Labeling cruise ships "a unique and growing threat to the environment in this state," a bill introduced this morning by Gov. Tony Knowles would make Alaska the first state in the nation to regulate the industry.
"This is must-have legislation for Alaskans," Knowles said at a news conference. "We don't want people in our waters who can't perform. ... At some point, you're not welcome."
The Democratic governor said the legislation meshes with but goes beyond a federal law passed last year by U.S. Sen. Frank Murkowski, an Alaska Republican. The industry's "disgraceful" performance last year, with only one of 80 samples of treated sewage meeting all federal and state discharge standards, requires state as well as federal scrutiny, Knowles said.
Although welcoming the new federal oversight, Knowles said Alaskans can never again be dependent solely upon the federal government for monitoring cruise ships, which has been inadequate in the past. Coast Guard Adm. Thomas Barrett said he supports the legislation.
Independent of U.S. Coast Guard monitoring of cruise ships, the bill would allow the state to establish a permitting process and regulations governing air emissions, solid waste and marine discharges, including civil and criminal penalties for non-compliance or false information.
Repeat violators could be banned from Alaska waters.
The rules would be negotiated with the industry before going out for public comment, according to officials at the state Department of Environmental Conservation. Included would be some incentives, such as extended permits, for companies that go "beyond compliance" and provide environmental protection even greater than that required by law, they said. "Recognition means a lot to companies, particularly in a competitive industry," Commissioner Michele Brown said.
The bill also would establish the Alaska Commercial Passenger Vessel Coastal Protection Program, supported by industry fees. The fees, which would go into effect this summer, would collect about $700,000 a year from the industry - basically $1 per passenger per voyage.
Rep. Beth Kerttula, a Juneau Democrat, has a separate bill with Senate President Rick Halford, a Chugiak Republican, to require the industry to file complete reports on what they're emitting and discharging in Alaska.
With that kind of synergy, "This is just going to happen," Kerttula said.
A sense of inevitability also was voiced by Juneau-Douglas High School senior Adriana Rodriguez, part of an ocean science bowl team that won a top state award for a research paper on the cruise ship industry. Asked what she would say to industry leaders if they balked at supporting the bill, Rodriguez said: "You kind of have to. I mean, you're coming into our waters."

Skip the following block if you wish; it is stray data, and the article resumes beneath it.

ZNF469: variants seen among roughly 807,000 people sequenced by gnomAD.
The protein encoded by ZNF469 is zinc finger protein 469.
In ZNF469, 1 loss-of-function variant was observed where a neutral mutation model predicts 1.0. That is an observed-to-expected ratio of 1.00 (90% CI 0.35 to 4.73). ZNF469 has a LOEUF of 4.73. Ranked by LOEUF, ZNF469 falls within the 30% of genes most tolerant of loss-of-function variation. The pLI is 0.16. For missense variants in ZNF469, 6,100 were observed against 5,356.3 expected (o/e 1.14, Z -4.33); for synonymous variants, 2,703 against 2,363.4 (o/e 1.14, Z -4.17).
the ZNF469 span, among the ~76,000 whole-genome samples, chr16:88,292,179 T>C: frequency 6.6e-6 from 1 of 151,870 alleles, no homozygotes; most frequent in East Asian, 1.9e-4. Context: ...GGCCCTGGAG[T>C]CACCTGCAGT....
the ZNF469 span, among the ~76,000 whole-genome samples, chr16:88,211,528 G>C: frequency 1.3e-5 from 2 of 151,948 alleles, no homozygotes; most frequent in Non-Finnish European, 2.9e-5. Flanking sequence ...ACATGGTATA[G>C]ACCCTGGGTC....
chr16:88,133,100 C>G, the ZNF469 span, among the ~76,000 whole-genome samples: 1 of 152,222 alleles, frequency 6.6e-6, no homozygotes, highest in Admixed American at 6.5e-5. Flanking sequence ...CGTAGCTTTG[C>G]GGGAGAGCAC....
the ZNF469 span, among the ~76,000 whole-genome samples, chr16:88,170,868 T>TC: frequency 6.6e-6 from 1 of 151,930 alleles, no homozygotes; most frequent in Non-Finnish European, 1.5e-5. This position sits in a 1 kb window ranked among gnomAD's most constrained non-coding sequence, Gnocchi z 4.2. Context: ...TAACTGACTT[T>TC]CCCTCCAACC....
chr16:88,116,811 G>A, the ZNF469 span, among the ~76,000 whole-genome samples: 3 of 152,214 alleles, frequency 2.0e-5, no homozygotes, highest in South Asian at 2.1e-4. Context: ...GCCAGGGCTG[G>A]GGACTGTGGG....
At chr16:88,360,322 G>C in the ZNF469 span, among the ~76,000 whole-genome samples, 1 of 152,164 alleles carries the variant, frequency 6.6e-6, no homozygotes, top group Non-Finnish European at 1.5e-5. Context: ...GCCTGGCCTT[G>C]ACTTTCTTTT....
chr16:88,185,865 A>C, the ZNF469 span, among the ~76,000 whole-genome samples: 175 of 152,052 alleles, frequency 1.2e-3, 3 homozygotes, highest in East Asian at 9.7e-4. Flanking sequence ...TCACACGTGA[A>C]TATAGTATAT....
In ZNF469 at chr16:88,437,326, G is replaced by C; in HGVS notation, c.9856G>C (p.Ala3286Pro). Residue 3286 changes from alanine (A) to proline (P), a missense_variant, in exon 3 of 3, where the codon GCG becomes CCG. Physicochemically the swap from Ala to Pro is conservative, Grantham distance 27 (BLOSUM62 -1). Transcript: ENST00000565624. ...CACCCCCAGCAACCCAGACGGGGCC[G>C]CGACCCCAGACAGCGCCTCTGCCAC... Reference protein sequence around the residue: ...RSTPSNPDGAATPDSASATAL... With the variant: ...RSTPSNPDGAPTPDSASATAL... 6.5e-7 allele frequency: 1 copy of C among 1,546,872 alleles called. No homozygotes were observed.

Halford was unavailable for comment. Sen. Alan Austerman, a Kodiak Republican who represents some Southeast communities that are affected by cruise ship traffic, had not seen Knowles' bill yet but said that in principle he could support permitting and regulation of the industry.
Environmentalists welcomed the new legislation.
"This certainly completes the package" with the Murkowski bill and voluntary monitoring programs through the Alaska Cruise Ship Initiative, said Chip Thoma of Juneau, representing the Alaska Conservation Alliance.
Gershon Cohen of Haines, a longtime player on a variety of water quality issues, noted that new standards won't be in effect soon, however.
"It could take a couple of years to come up with regulations for this, and standards. Basically, what we have here is a promise to do the job," he said.
Early industry response to the bill was cautious. Knowles said he talked this morning with Dean Brown of Princess Cruises, chairman of an industry group, but Brown didn't express support or opposition.
"We're committed to work with the state," said John Hansen, president of the North West CruiseShip Association. "And certainly we continue to support the overall objectives. When it comes to the details of the bill, I can't say anything yet. ... I need to discuss that with all my members."
The association has a meeting March 21-22 and a more formal response will follow, Hansen said. Cruise company executives agreed in principle in November to greater state scrutiny and a new state fee, but it's unclear yet whether the details are problematic, he said.
Bill McAllister can be reached at email@example.com.